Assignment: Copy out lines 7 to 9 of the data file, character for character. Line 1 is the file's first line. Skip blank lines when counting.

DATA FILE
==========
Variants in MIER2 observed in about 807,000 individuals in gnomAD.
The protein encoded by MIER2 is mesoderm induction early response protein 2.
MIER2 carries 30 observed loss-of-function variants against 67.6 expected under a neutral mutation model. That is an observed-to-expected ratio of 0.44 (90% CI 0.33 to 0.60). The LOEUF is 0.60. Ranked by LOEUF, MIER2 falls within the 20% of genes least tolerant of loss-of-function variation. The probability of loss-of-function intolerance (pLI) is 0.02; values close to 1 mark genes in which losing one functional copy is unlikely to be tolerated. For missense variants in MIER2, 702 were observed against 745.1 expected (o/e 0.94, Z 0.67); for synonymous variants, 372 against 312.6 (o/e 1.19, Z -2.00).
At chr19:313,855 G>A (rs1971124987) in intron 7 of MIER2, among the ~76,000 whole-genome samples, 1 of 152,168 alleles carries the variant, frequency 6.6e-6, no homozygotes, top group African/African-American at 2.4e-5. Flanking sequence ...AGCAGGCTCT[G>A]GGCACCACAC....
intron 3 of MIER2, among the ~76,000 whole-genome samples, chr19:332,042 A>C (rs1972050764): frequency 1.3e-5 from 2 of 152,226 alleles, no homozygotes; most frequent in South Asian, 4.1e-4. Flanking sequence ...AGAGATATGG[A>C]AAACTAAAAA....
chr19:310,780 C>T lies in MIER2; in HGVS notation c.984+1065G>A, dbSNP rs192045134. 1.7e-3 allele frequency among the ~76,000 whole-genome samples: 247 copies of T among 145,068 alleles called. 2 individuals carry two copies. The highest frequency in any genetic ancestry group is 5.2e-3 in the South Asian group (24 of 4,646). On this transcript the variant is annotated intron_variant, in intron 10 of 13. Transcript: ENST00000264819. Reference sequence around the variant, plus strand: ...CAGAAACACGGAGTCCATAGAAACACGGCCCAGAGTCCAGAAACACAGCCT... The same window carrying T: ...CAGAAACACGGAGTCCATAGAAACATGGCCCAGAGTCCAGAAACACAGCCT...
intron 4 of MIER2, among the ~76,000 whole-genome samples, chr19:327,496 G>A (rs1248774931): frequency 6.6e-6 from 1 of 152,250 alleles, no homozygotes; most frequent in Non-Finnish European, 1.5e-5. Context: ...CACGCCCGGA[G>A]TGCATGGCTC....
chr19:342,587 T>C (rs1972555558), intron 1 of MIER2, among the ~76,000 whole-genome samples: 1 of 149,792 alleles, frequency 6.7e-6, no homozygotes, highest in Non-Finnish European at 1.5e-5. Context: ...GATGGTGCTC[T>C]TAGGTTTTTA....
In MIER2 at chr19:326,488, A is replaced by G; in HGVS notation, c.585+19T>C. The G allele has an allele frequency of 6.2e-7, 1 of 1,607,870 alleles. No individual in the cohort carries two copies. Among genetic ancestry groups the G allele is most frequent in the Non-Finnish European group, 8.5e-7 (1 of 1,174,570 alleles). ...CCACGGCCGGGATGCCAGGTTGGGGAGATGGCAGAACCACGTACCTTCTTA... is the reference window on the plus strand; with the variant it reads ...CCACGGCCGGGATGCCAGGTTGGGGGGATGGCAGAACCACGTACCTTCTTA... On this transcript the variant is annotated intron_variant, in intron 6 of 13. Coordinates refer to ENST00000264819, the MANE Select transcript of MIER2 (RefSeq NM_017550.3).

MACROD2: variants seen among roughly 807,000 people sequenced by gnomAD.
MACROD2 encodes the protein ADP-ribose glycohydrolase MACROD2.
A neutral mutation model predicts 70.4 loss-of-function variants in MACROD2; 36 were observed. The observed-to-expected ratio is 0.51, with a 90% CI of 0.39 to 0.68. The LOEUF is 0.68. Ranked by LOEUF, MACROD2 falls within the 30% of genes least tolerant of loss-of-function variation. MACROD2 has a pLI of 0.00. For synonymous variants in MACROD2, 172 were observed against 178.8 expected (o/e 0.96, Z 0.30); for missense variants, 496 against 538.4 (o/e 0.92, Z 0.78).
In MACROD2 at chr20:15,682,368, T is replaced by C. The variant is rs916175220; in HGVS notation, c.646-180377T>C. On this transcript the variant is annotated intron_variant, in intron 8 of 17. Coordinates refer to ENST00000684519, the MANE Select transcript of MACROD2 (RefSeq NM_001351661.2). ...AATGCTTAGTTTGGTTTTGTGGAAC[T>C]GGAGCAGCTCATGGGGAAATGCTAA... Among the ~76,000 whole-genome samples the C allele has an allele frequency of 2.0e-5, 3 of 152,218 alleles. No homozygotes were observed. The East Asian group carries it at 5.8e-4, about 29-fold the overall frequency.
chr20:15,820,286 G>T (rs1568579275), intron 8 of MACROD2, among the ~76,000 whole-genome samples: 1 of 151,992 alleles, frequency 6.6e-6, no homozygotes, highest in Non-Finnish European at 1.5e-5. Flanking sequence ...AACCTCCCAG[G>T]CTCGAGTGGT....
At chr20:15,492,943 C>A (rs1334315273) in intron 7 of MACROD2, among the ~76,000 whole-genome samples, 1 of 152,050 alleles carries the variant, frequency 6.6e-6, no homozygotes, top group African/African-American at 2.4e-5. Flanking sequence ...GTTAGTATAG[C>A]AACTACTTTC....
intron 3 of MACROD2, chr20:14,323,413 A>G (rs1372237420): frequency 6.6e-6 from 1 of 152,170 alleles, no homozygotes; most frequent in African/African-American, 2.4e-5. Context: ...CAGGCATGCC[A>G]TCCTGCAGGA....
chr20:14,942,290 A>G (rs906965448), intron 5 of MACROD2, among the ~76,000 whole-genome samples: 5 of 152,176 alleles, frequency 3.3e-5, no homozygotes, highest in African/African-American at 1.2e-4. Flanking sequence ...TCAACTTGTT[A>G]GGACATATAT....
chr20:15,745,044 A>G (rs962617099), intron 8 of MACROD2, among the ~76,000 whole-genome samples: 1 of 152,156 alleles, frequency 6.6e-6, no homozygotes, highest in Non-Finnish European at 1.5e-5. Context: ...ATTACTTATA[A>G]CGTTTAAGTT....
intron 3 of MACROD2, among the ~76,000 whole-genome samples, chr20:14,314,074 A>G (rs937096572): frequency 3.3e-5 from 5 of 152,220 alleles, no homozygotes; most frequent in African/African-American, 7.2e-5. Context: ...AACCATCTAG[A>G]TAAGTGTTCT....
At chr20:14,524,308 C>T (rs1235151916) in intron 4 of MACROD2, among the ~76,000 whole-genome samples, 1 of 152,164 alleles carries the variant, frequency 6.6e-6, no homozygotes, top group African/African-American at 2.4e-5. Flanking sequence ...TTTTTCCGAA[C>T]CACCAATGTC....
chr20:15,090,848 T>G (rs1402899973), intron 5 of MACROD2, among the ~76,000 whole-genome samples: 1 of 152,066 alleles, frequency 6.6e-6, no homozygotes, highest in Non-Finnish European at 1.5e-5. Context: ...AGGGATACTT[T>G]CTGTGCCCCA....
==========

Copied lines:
intron 4 of MIER2, among the ~76,000 whole-genome samples, chr19:327,496 G>A (rs1248774931): frequency 6.6e-6 from 1 of 152,250 alleles, no homozygotes; most frequent in Non-Finnish European, 1.5e-5. Context: ...CACGCCCGGA[G>A]TGCATGGCTC....
chr19:342,587 T>C (rs1972555558), intron 1 of MIER2, among the ~76,000 whole-genome samples: 1 of 149,792 alleles, frequency 6.7e-6, no homozygotes, highest in Non-Finnish European at 1.5e-5. Context: ...GATGGTGCTC[T>C]TAGGTTTTTA....
In MIER2 at chr19:326,488, A is replaced by G; in HGVS notation, c.585+19T>C. The G allele has an allele frequency of 6.2e-7, 1 of 1,607,870 alleles. No individual in the cohort carries two copies. Among genetic ancestry groups the G allele is most frequent in the Non-Finnish European group, 8.5e-7 (1 of 1,174,570 alleles). ...CCACGGCCGGGATGCCAGGTTGGGGAGATGGCAGAACCACGTACCTTCTTA... is the reference window on the plus strand; with the variant it reads ...CCACGGCCGGGATGCCAGGTTGGGGGGATGGCAGAACCACGTACCTTCTTA... On this transcript the variant is annotated intron_variant, in intron 6 of 13. Coordinates refer to ENST00000264819, the MANE Select transcript of MIER2 (RefSeq NM_017550.3).